• Sara Uhlenbrock-Heath

An Often-Overlooked Way to Attract Top Talent & 7 Ways to Address It.

There are a number of ways to attract top talent to your company, though it can easily be disputed which are the most important. There is one very simple item, however, that is often overlooked.

Your job posting.

Think about it….in most cases, this is a job seeker’s first glimpse at your company. It's a marketing piece meant to grab their attention and pull them in to learn more. Yet, so many of them sound like all the others.

Why does this matter? Well, it’s a job seeker’s market right now. While hiring managers sift through piles of resumes to find a few that stand out, your future candidates are scrolling through a blur of job postings hoping to find a few that excite them.

To give yourself a more competitive edge in catching their attention, you can try breathing some new life into your traditional job descriptions with one or several of the suggestions below:

1. Talk To Your Current Employees. Ask those in similar positions or, at least, the same department, what attracted them to the company. What else would they like to see if they were currently looking?

2. Add Some Humor. They say, “laughter is the best medicine,” right? Job descriptions tend to be dry and matter-of-fact. Making the candidate laugh or at least chuckle a bit (with you, not ­at you) is likely to draw them in. Try playing on some typical words or phrases in your industry or even poke a little playful fun at the role.

Example: A posting for a GA Analyst at EverythingMe asked, “Are you a stubborn person who’s not afraid of searching for a needle in a haystack?”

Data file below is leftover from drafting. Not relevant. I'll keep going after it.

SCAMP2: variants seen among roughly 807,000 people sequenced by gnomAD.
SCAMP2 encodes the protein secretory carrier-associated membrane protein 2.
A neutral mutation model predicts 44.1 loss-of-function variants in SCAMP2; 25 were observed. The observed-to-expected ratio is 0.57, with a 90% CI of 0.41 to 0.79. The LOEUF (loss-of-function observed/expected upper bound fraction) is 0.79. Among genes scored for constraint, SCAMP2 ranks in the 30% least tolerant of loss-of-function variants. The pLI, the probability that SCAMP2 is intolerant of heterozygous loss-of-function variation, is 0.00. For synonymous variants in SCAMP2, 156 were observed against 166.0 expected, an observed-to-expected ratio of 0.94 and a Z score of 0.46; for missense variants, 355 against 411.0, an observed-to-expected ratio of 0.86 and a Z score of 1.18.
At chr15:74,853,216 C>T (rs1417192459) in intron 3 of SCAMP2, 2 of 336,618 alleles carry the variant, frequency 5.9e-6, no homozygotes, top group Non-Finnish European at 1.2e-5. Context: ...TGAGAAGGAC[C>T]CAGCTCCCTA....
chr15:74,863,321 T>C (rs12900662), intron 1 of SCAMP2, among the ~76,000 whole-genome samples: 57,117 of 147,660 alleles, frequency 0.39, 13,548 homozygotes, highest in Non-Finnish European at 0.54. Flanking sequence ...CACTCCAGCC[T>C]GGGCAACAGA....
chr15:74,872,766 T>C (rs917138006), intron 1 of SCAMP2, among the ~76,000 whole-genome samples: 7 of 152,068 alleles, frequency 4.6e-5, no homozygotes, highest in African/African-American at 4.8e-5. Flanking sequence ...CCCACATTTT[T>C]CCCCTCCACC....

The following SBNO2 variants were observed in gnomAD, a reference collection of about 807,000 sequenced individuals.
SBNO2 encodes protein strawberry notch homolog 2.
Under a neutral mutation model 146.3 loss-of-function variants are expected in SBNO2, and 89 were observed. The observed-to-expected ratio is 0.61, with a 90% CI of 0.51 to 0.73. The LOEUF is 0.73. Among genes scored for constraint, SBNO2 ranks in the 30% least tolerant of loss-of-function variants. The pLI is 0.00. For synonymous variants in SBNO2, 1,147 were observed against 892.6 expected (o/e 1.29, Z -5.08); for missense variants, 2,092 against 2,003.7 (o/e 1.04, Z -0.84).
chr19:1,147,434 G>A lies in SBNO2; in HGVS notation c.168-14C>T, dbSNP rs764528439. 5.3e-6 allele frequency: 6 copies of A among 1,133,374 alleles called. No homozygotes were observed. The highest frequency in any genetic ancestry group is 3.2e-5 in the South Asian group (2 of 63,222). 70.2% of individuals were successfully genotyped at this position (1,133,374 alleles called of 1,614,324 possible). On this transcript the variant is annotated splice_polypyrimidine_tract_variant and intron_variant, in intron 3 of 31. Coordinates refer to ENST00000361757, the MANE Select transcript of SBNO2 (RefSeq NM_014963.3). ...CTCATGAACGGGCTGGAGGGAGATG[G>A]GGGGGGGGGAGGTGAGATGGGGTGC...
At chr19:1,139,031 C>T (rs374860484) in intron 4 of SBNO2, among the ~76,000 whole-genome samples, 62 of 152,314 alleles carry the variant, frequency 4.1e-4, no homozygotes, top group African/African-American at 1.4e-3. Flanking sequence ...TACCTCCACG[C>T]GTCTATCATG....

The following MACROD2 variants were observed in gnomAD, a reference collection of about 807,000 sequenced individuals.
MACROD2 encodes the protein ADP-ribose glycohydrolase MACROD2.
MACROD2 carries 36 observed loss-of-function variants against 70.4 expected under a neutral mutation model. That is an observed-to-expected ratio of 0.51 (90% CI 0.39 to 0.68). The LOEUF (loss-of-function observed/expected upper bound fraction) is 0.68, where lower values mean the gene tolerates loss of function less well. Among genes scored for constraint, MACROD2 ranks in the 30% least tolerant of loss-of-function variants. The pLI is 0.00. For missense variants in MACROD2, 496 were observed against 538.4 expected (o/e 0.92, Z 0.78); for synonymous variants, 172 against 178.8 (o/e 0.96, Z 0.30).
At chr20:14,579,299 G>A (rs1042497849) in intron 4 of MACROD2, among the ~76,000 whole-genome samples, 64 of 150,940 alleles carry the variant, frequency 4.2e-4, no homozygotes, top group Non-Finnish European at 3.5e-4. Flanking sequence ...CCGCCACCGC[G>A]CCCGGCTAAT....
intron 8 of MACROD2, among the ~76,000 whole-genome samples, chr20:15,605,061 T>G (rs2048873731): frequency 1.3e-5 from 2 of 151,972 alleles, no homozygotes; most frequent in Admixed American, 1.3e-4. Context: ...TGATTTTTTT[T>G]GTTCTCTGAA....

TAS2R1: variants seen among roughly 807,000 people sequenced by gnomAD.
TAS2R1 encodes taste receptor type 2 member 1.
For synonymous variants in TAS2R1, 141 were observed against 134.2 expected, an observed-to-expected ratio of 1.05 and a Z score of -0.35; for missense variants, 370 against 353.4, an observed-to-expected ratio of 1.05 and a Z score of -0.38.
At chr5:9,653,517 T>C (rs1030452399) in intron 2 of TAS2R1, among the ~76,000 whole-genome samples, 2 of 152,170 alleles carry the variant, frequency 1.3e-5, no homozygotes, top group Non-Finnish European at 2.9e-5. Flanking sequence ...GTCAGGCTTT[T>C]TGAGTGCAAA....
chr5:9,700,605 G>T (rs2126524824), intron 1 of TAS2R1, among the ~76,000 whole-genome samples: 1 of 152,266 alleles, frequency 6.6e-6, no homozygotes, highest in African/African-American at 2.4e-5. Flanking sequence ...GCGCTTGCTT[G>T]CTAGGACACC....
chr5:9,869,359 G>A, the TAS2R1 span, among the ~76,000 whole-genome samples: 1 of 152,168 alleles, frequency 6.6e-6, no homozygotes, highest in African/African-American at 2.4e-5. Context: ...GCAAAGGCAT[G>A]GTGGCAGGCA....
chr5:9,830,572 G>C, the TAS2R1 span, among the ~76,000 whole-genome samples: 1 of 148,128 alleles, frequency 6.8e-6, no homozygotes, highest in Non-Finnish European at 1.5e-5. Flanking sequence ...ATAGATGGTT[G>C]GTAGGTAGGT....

3. When You Can Only Be Serious. Of course, there are companies and positions for which humor may not be the best option. This would be another good time to talk to your current employees about what caught their attention. Highlight those items in a way that explains why your company is the one they should consider. What truly makes your organization stand out?

Example: Most every posting proudly states, "Competitive Benefits." But what, exactly, makes your benefits competitive? “We offer paid parental leave, your choice of HSA or PPO insurance plans, flexible work schedules, three weeks’ vacation from day one, retirement savings and 401K.”

4. Add Some Personality! Try making it sound conversational, like you’re telling a friend about the open position. Show your excitement and grab their attention.

Example: A posting for an AI Chatbot Copywriter at Wade & Wendy asked, “Are you ready for your mind to be blown? Well: you get to work on creating the personality and language of our artificially intelligent hiring heroes.”

5. It's Not Just About the Qualifications. Of course it’s important to list the skills and qualifications required for the role. But, you want someone who will be a good fit with your company culture, right? So, use the opening description to highlight what kind of person you’re looking for, the type of person who is the best fit for the role, your teams and your values.

Example: A posting for an Assistant Project Manager at S3 Builders explained, “You are self- educating and self-motivated through curiosity, a passion for building and an unruly desire to do good.”

6. Kill the Buzzwords, Please. We’re looking for the ideal candidate who thinks outside the box. Someone who gives 110% to seek out the low-hanging fruit. If you’re a team-player, it’s a win-win situation all around. So send us your resume and we'll circle back after we've reviewed it so we can touch base to find the best time to take this discussion offline.

See what I did there? With the market as it is, these types of descriptions can make a company sound a bit stodgy and almost as if they are overcompensating. Of course, I think it's safe to say that each one of us has been guilty of using buzzwords here and there. Just keep in mind, if you use them, do your best to keep them to a minimum (like #hashtags).

7. Ask your Marketing Team to Write Them. A major part of their role is to look at things from a different perspective and to grab people’s attention in a creative way. So let’em take a stab at it.

There are so many other creative ideas to improve your job postings. Click here to view two before-and-afters of the overview portion of a job description. You can also use good’ole Google to search “Best Job Descriptions” and you’ll see a wealth of descriptions and suggestions to get you started.

Happy hunting!

Interested in creating or reviving your company's job postings? I'd love to help. Contact me by clicking on the "Contact" tab above or email me at